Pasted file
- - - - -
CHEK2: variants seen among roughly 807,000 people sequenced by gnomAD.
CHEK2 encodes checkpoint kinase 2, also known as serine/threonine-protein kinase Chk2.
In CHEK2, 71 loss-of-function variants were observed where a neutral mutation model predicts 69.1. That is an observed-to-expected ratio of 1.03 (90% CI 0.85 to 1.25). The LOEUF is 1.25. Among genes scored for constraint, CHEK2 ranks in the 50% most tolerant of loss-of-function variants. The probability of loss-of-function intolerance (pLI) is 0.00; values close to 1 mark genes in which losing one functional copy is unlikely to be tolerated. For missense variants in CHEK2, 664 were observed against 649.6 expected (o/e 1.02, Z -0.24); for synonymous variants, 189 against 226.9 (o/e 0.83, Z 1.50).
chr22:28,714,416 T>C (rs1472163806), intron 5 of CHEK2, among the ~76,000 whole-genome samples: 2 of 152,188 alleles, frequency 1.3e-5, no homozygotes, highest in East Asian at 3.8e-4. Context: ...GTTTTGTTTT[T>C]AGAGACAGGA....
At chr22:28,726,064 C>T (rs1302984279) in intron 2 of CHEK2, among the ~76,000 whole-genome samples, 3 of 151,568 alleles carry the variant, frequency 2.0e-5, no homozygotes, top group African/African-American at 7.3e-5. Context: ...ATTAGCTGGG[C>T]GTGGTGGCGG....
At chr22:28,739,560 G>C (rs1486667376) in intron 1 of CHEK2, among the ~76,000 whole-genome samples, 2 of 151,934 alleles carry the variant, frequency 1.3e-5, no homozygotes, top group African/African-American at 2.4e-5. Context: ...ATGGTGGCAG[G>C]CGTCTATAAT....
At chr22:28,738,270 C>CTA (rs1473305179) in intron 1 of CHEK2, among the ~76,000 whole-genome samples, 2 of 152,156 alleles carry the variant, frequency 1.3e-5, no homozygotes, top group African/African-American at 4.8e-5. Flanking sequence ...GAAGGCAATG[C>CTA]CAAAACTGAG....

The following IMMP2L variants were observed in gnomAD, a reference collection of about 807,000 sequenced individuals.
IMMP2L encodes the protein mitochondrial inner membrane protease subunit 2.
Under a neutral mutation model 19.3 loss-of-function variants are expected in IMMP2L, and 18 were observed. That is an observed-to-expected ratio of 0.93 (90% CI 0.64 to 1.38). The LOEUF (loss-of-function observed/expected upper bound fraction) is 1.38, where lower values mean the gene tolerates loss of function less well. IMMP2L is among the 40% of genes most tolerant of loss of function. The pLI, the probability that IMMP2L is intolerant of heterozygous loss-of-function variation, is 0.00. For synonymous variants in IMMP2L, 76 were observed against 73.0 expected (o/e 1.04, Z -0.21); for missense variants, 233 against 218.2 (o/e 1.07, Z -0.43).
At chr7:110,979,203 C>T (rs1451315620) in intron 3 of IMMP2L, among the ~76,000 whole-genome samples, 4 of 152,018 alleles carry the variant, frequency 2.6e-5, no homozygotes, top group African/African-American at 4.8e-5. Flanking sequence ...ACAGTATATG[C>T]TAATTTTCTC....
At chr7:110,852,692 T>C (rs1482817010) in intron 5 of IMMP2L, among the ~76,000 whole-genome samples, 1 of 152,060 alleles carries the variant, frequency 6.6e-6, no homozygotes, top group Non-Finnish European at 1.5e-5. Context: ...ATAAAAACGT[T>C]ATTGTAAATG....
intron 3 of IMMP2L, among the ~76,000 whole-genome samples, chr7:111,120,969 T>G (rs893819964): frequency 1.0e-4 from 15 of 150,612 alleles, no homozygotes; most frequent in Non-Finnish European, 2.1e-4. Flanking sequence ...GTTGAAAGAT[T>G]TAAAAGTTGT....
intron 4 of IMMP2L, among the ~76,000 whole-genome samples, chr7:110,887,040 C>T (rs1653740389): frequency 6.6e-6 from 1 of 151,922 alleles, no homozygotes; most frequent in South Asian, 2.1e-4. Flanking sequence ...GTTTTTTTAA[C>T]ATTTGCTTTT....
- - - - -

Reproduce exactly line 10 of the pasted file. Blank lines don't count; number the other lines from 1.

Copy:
Under a neutral mutation model 19.3 loss-of-function variants are expected in IMMP2L, and 18 were observed. That is an observed-to-expected ratio of 0.93 (90% CI 0.64 to 1.38). The LOEUF (loss-of-function observed/expected upper bound fraction) is 1.38, where lower values mean the gene tolerates loss of function less well. IMMP2L is among the 40% of genes most tolerant of loss of function. The pLI, the probability that IMMP2L is intolerant of heterozygous loss-of-function variation, is 0.00. For synonymous variants in IMMP2L, 76 were observed against 73.0 expected (o/e 1.04, Z -0.21); for missense variants, 233 against 218.2 (o/e 1.07, Z -0.43).